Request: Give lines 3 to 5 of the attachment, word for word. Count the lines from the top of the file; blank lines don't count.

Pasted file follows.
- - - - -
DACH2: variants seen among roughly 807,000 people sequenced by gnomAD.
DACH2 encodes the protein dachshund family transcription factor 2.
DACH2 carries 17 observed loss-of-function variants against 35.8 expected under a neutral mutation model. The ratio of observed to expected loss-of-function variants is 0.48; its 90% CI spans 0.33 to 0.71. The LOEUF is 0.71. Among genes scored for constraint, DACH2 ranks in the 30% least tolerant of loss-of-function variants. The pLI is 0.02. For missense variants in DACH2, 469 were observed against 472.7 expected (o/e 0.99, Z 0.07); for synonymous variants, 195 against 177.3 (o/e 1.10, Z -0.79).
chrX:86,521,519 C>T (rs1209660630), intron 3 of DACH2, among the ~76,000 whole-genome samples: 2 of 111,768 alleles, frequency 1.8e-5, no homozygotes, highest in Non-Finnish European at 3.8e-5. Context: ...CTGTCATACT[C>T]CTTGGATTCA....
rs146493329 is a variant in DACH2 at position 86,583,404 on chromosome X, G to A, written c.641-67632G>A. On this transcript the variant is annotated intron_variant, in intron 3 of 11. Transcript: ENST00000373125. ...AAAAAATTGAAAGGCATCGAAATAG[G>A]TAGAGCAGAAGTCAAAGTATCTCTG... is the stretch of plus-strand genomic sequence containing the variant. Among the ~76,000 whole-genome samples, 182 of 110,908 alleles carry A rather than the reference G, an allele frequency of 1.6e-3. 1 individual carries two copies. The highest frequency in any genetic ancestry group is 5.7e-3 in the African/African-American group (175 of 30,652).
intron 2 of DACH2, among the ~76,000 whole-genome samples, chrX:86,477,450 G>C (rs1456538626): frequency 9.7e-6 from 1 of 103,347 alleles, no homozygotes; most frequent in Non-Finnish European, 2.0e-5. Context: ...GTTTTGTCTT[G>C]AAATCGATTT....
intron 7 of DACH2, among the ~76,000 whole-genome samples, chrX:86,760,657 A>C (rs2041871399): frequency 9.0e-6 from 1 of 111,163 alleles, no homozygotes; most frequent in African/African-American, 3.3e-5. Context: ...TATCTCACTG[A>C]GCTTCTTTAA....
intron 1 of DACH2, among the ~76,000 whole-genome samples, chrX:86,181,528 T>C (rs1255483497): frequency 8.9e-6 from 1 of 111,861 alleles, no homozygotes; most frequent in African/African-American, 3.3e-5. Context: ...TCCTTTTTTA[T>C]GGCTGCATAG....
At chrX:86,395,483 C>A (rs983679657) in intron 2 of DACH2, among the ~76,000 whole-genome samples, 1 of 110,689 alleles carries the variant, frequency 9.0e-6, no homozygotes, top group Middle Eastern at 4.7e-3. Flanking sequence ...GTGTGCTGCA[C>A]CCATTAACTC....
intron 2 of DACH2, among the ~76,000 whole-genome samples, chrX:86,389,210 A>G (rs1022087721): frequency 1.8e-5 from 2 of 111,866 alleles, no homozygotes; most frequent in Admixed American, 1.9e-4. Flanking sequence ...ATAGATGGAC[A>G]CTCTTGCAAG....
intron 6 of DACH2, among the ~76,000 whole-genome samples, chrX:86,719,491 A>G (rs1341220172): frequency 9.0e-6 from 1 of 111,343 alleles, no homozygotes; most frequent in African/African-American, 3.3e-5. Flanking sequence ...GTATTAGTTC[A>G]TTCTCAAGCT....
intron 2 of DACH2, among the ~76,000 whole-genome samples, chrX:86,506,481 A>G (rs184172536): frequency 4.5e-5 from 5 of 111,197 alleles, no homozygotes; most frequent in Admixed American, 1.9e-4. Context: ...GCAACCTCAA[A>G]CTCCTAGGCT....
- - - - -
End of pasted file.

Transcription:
DACH2 carries 17 observed loss-of-function variants against 35.8 expected under a neutral mutation model. The ratio of observed to expected loss-of-function variants is 0.48; its 90% CI spans 0.33 to 0.71. The LOEUF is 0.71. Among genes scored for constraint, DACH2 ranks in the 30% least tolerant of loss-of-function variants. The pLI is 0.02. For missense variants in DACH2, 469 were observed against 472.7 expected (o/e 0.99, Z 0.07); for synonymous variants, 195 against 177.3 (o/e 1.10, Z -0.79).
chrX:86,521,519 C>T (rs1209660630), intron 3 of DACH2, among the ~76,000 whole-genome samples: 2 of 111,768 alleles, frequency 1.8e-5, no homozygotes, highest in Non-Finnish European at 3.8e-5. Context: ...CTGTCATACT[C>T]CTTGGATTCA....
rs146493329 is a variant in DACH2 at position 86,583,404 on chromosome X, G to A, written c.641-67632G>A. On this transcript the variant is annotated intron_variant, in intron 3 of 11. Transcript: ENST00000373125. ...AAAAAATTGAAAGGCATCGAAATAG[G>A]TAGAGCAGAAGTCAAAGTATCTCTG... is the stretch of plus-strand genomic sequence containing the variant. Among the ~76,000 whole-genome samples, 182 of 110,908 alleles carry A rather than the reference G, an allele frequency of 1.6e-3. 1 individual carries two copies. The highest frequency in any genetic ancestry group is 5.7e-3 in the African/African-American group (175 of 30,652).